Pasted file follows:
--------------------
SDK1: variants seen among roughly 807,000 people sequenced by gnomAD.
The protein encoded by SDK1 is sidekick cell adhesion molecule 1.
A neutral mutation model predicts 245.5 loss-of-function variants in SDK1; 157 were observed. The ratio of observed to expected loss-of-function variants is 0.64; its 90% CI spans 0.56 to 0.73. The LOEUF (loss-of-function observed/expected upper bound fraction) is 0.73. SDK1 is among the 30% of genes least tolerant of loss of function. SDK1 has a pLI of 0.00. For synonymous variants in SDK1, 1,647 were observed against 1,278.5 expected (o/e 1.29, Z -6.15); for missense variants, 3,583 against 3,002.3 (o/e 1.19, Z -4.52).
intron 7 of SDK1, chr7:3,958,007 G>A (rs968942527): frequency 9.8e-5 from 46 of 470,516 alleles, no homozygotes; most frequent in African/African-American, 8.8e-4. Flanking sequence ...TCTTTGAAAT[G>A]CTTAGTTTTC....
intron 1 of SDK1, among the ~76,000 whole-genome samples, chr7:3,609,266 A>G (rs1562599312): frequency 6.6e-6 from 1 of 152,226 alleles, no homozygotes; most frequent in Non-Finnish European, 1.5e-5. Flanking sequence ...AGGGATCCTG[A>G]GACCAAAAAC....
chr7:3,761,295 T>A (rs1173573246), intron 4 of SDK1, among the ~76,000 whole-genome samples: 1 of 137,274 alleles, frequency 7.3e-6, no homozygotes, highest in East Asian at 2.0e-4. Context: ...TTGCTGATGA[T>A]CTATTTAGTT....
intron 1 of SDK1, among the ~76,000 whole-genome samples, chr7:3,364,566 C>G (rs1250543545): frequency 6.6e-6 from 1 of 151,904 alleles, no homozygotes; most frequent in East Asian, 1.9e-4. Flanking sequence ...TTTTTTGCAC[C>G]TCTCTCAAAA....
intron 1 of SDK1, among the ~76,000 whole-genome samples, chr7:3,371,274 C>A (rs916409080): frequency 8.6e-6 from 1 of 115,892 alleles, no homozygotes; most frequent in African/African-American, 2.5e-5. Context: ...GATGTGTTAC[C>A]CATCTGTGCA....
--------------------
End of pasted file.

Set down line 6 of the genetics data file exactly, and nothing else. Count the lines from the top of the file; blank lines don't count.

chr7:3,761,295 T>A (rs1173573246), intron 4 of SDK1, among the ~76,000 whole-genome samples: 1 of 137,274 alleles, frequency 7.3e-6, no homozygotes, highest in East Asian at 2.0e-4. Context: ...TTGCTGATGA[T>A]CTATTTAGTT....